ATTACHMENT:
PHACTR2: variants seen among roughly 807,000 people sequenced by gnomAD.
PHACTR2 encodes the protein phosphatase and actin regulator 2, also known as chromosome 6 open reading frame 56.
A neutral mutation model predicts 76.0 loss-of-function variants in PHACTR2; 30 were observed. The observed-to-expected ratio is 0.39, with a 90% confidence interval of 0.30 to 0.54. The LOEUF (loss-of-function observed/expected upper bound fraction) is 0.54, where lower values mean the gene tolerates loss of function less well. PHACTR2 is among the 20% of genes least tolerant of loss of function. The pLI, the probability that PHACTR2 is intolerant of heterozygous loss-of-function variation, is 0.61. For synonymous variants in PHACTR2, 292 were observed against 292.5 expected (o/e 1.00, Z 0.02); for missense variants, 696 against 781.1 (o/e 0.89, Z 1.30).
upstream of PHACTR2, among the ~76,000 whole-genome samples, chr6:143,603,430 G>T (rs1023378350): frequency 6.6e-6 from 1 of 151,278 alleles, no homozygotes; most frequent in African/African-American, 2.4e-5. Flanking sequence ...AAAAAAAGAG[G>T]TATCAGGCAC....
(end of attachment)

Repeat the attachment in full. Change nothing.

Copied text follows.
PHACTR2: variants seen among roughly 807,000 people sequenced by gnomAD.
PHACTR2 encodes the protein phosphatase and actin regulator 2, also known as chromosome 6 open reading frame 56.
A neutral mutation model predicts 76.0 loss-of-function variants in PHACTR2; 30 were observed. The observed-to-expected ratio is 0.39, with a 90% confidence interval of 0.30 to 0.54. The LOEUF (loss-of-function observed/expected upper bound fraction) is 0.54, where lower values mean the gene tolerates loss of function less well. PHACTR2 is among the 20% of genes least tolerant of loss of function. The pLI, the probability that PHACTR2 is intolerant of heterozygous loss-of-function variation, is 0.61. For synonymous variants in PHACTR2, 292 were observed against 292.5 expected (o/e 1.00, Z 0.02); for missense variants, 696 against 781.1 (o/e 0.89, Z 1.30).
upstream of PHACTR2, among the ~76,000 whole-genome samples, chr6:143,603,430 G>T (rs1023378350): frequency 6.6e-6 from 1 of 151,278 alleles, no homozygotes; most frequent in African/African-American, 2.4e-5. Flanking sequence ...AAAAAAAGAG[G>T]TATCAGGCAC....